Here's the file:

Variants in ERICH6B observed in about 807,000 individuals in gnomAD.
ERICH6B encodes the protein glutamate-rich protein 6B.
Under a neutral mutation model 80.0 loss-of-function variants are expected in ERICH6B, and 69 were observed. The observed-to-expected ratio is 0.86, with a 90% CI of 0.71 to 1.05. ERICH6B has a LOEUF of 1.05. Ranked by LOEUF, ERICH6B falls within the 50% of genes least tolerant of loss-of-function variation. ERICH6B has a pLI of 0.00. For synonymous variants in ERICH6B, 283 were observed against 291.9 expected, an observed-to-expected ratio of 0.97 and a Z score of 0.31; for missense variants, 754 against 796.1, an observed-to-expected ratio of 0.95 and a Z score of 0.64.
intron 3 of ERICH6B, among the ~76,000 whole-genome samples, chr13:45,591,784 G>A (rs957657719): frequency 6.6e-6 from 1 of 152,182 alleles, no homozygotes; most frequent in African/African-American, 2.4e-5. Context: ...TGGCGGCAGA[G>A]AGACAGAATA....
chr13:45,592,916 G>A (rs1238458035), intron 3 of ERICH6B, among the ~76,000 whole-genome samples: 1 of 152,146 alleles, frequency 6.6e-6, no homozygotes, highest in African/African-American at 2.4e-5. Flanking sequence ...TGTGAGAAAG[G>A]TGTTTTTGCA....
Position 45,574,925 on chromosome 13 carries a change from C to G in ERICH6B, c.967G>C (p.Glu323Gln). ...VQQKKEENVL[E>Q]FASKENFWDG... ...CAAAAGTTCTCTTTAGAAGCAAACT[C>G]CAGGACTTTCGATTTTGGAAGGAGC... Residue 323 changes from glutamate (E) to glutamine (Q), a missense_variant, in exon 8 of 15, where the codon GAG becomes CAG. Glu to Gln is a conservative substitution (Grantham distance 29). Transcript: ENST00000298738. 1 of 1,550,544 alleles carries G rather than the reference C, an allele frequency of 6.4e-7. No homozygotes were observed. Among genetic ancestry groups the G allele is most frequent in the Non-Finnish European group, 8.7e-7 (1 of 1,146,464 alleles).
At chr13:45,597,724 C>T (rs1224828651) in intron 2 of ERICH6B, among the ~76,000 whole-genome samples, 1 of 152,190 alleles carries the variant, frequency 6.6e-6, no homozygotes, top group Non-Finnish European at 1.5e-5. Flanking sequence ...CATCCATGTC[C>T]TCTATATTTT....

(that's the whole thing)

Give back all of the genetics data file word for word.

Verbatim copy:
Variants in ERICH6B observed in about 807,000 individuals in gnomAD.
ERICH6B encodes the protein glutamate-rich protein 6B.
Under a neutral mutation model 80.0 loss-of-function variants are expected in ERICH6B, and 69 were observed. The observed-to-expected ratio is 0.86, with a 90% CI of 0.71 to 1.05. ERICH6B has a LOEUF of 1.05. Ranked by LOEUF, ERICH6B falls within the 50% of genes least tolerant of loss-of-function variation. ERICH6B has a pLI of 0.00. For synonymous variants in ERICH6B, 283 were observed against 291.9 expected, an observed-to-expected ratio of 0.97 and a Z score of 0.31; for missense variants, 754 against 796.1, an observed-to-expected ratio of 0.95 and a Z score of 0.64.
intron 3 of ERICH6B, among the ~76,000 whole-genome samples, chr13:45,591,784 G>A (rs957657719): frequency 6.6e-6 from 1 of 152,182 alleles, no homozygotes; most frequent in African/African-American, 2.4e-5. Context: ...TGGCGGCAGA[G>A]AGACAGAATA....
chr13:45,592,916 G>A (rs1238458035), intron 3 of ERICH6B, among the ~76,000 whole-genome samples: 1 of 152,146 alleles, frequency 6.6e-6, no homozygotes, highest in African/African-American at 2.4e-5. Flanking sequence ...TGTGAGAAAG[G>A]TGTTTTTGCA....
Position 45,574,925 on chromosome 13 carries a change from C to G in ERICH6B, c.967G>C (p.Glu323Gln). ...VQQKKEENVL[E>Q]FASKENFWDG... ...CAAAAGTTCTCTTTAGAAGCAAACT[C>G]CAGGACTTTCGATTTTGGAAGGAGC... Residue 323 changes from glutamate (E) to glutamine (Q), a missense_variant, in exon 8 of 15, where the codon GAG becomes CAG. Glu to Gln is a conservative substitution (Grantham distance 29). Transcript: ENST00000298738. 1 of 1,550,544 alleles carries G rather than the reference C, an allele frequency of 6.4e-7. No homozygotes were observed. Among genetic ancestry groups the G allele is most frequent in the Non-Finnish European group, 8.7e-7 (1 of 1,146,464 alleles).
At chr13:45,597,724 C>T (rs1224828651) in intron 2 of ERICH6B, among the ~76,000 whole-genome samples, 1 of 152,190 alleles carries the variant, frequency 6.6e-6, no homozygotes, top group Non-Finnish European at 1.5e-5. Flanking sequence ...CATCCATGTC[C>T]TCTATATTTT....